Jeff Fuentes Gleghorn
According to Arizona Public Service (APS), only 54 percent of residents are on the cheapest electricity plan for their home. That means that there are still 46 percent of people paying more than they need to for electricity. Part of the problem is how complicated the plans can be and the way that APS used to explain them. Recently, regulators required APS to work to make the different plans easier to understand, and told them to shrink “on-peak” hours where some customers get charged more. While the new plans are supposed to be simpler, it does mean that the options Arizonans got used to are gone.
There are now three plans to choose from, with a fourth that is only available to people already on it. It is important to remember that if you choose a time of use plan, you will be charged based on the old 3 p.m. to 8 p.m. peak hours rules until APS tells you that you have been updated to the new 4 p.m. to 7 p.m. hours. You will get that notification in the email associated with your account, by phone if there is no email, and as an alert when you log into your account at aps.com. You will also receive a bill message reminding you that the hours have changed.
- Fixed energy charge plan
This first plan is the simplest one. You are charged the same amount for electricity no matter when you use it. The drawback is that the only way to save money is to use less electricity. Many people would pay less for electricity using a different plan with some small changes to when they run big appliances like air conditioners, dishwashers, and laundry machines.
- Time of Use 4 p.m. to 7 p.m. Weekdays
The second option here can save money for many households. You are charged two different amounts for electricity, “on-peak” and “off-peak” rates. The on-peak rates charged weekdays from 4 p.m. to 7 p.m. are significantly higher than on the fixed energy charge plan, but electricity used at any other time of day is quite a bit cheaper. If you can turn off the air conditioning and avoid running the dishwasher or laundry machines from 4-7 p.m. Monday-Friday this can be a more economical option.
- Time of Use 4 p.m. to 7 p.m. Weekdays with Demand Charge
Option three offers the chance at even more savings, but comes with some risk. Everything is the same as option 2 – you pay more for on-peak electricity, but then even less for off-peak electricity. However, every month you will pay an additional amount called a “demand charge”. The demand charge is based on the one hour you used the most on-peak electricity during the month. You have to be careful not to use too much electricity from 4 p.m. to 7 p.m. on weekdays, and breaking that rule can easily wipe out all the savings you made. For example, running the dishwasher and the laundry machine at the same time at 5 p.m. one Thursday could cost as much as $60.00 at the end of the month. This plan is for people who are confident that they will not use extra electricity between 4 p.m. and 7 p.m. during the week.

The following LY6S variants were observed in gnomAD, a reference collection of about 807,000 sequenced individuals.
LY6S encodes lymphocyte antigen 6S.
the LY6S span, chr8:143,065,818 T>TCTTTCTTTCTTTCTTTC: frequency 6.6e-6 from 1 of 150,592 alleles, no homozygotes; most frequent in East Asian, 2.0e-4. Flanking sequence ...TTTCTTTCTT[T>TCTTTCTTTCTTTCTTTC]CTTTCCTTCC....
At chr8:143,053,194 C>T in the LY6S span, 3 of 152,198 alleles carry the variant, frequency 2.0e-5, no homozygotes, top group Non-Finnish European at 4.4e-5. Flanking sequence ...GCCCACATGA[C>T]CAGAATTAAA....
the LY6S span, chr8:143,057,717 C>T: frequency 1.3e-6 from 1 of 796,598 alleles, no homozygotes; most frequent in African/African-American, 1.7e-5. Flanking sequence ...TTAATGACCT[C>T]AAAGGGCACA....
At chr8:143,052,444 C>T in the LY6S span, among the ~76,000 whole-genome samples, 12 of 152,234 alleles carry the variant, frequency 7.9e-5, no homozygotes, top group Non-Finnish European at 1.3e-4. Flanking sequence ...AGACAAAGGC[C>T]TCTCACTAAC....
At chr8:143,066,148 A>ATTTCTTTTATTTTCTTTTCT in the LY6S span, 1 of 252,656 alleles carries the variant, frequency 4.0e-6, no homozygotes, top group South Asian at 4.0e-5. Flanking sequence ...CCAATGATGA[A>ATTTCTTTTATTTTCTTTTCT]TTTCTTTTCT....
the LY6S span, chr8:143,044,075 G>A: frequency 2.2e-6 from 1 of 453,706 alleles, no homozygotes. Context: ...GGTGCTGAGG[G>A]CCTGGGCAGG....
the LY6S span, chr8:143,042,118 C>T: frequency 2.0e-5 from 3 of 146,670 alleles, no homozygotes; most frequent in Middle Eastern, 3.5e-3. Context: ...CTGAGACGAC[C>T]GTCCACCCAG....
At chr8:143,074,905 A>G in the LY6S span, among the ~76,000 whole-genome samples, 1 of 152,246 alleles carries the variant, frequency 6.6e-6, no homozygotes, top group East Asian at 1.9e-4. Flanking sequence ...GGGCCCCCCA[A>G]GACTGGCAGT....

- Saver Choice Plus (only for those who already have it)
Saver Choice Plus is an old plan from before they were reworked. If you are already on it, you can stay with this plan, but nobody can choose to switch to this now. If it were to be named now it would be “Time of Use 3 p.m. to 8 p.m. Weekdays with Demand Charge.” It functions just like option three, but the on-peak hours are longer. On top of that, it has what are called “super off-peak hours” from 10 a.m to 3 p.m. on weekdays during the winter months. The drawback is that the on-peak time being longer also makes it easier to mess up once and end up with a big demand charge. Still, for those who believe that they won’t use extra electricity during peak hours and that they can make use of the super off-peak hours, it could be worth staying on this plan.
Be sure to check on what plan you have now, and consider whether or not you will be able to save money on electricity by changing it. According to APS there’s almost a 50 percent chance that you could save money going into this summer, so take advantage of it if you can.